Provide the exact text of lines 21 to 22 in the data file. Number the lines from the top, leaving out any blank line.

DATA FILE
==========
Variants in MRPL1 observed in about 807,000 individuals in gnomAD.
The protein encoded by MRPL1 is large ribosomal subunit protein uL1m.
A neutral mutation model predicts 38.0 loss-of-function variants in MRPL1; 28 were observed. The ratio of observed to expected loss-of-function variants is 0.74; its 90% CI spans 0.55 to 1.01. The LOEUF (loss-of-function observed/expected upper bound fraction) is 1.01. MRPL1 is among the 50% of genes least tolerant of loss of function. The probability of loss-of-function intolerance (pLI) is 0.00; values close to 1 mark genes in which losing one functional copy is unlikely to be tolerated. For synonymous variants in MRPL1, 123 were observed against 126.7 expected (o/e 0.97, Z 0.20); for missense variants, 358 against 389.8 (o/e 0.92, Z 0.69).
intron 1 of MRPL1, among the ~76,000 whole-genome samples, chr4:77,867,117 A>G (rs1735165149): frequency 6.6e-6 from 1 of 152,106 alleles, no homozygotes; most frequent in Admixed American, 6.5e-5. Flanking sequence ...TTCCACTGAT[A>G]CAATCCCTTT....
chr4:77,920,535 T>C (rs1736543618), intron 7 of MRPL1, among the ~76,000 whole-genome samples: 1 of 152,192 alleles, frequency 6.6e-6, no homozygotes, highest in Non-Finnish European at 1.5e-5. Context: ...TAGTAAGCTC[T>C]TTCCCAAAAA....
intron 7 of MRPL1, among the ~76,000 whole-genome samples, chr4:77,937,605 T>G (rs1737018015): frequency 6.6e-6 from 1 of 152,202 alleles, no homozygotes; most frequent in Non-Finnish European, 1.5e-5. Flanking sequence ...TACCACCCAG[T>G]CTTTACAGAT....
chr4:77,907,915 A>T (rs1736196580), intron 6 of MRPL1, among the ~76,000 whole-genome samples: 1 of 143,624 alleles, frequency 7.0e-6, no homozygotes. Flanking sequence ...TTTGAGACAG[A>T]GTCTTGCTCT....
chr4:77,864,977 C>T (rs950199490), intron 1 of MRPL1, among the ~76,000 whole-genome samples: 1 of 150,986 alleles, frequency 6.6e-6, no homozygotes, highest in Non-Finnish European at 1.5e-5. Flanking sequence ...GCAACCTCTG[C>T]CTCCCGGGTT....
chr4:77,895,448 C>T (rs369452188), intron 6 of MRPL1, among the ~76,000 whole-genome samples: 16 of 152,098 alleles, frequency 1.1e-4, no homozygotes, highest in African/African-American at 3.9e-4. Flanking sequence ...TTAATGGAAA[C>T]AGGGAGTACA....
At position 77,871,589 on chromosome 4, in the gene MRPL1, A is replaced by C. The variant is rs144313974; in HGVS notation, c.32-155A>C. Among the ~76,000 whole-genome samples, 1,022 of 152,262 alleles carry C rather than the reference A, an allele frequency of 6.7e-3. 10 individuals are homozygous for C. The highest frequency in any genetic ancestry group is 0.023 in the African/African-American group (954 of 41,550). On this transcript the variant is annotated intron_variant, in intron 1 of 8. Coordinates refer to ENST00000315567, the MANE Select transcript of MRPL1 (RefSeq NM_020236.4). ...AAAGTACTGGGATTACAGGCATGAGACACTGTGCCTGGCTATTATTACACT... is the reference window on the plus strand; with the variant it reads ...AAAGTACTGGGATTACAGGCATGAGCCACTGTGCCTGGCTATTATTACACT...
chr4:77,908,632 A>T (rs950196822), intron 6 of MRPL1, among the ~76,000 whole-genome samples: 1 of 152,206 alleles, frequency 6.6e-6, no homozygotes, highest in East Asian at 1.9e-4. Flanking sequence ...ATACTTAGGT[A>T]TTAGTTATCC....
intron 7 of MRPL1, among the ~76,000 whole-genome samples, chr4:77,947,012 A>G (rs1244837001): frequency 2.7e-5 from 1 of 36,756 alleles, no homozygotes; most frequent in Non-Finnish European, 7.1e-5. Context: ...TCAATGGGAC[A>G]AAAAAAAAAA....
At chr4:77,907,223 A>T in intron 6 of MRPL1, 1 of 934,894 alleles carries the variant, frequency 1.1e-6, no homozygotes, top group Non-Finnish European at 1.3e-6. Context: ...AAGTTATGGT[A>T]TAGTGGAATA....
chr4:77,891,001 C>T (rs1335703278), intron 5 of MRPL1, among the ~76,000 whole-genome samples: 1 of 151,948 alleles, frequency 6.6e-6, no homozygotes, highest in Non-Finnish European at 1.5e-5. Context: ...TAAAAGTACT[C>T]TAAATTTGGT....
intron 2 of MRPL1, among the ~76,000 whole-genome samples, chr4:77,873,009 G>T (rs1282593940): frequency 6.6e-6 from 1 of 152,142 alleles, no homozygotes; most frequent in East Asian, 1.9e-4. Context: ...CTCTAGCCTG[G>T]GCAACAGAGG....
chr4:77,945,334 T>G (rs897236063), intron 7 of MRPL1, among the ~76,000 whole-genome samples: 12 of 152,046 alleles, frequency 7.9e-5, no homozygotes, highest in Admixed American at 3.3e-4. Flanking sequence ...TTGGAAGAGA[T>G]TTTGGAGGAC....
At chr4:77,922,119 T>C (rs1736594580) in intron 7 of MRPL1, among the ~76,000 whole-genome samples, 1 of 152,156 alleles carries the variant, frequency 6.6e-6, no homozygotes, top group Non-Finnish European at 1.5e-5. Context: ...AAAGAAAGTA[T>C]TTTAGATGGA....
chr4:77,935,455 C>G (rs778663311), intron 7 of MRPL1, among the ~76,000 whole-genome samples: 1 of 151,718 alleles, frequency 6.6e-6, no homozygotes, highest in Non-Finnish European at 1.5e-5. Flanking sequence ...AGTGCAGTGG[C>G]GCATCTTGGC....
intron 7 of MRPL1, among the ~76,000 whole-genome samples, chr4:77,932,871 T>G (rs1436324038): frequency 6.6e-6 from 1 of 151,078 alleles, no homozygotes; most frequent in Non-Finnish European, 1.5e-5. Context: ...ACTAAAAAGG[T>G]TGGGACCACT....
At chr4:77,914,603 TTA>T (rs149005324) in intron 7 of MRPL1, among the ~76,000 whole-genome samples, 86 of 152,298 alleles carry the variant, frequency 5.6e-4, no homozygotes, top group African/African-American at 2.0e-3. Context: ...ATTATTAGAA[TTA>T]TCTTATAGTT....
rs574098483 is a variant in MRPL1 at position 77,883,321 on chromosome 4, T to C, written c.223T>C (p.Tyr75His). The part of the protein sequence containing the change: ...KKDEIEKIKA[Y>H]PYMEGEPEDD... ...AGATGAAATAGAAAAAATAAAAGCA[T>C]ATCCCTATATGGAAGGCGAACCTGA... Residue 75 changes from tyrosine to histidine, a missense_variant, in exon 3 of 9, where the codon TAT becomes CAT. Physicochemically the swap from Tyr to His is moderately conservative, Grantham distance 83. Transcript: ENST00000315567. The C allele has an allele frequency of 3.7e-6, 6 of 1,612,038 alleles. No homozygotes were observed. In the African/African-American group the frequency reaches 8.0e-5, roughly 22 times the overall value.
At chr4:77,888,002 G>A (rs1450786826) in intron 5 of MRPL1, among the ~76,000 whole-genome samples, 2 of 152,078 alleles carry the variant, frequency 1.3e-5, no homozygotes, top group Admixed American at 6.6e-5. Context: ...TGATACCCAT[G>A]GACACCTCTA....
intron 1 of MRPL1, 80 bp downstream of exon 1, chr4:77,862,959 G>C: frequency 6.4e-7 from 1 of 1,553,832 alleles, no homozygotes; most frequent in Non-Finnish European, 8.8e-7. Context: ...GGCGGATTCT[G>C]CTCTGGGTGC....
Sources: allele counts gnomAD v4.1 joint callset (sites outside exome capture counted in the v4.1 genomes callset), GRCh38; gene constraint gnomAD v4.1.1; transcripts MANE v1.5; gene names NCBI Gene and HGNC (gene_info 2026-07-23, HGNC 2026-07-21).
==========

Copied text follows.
rs574098483 is a variant in MRPL1 at position 77,883,321 on chromosome 4, T to C, written c.223T>C (p.Tyr75His). The part of the protein sequence containing the change: ...KKDEIEKIKA[Y>H]PYMEGEPEDD... ...AGATGAAATAGAAAAAATAAAAGCA[T>C]ATCCCTATATGGAAGGCGAACCTGA... Residue 75 changes from tyrosine to histidine, a missense_variant, in exon 3 of 9, where the codon TAT becomes CAT. Physicochemically the swap from Tyr to His is moderately conservative, Grantham distance 83. Transcript: ENST00000315567. The C allele has an allele frequency of 3.7e-6, 6 of 1,612,038 alleles. No homozygotes were observed. In the African/African-American group the frequency reaches 8.0e-5, roughly 22 times the overall value.
At chr4:77,888,002 G>A (rs1450786826) in intron 5 of MRPL1, among the ~76,000 whole-genome samples, 2 of 152,078 alleles carry the variant, frequency 1.3e-5, no homozygotes, top group Admixed American at 6.6e-5. Context: ...TGATACCCAT[G>A]GACACCTCTA....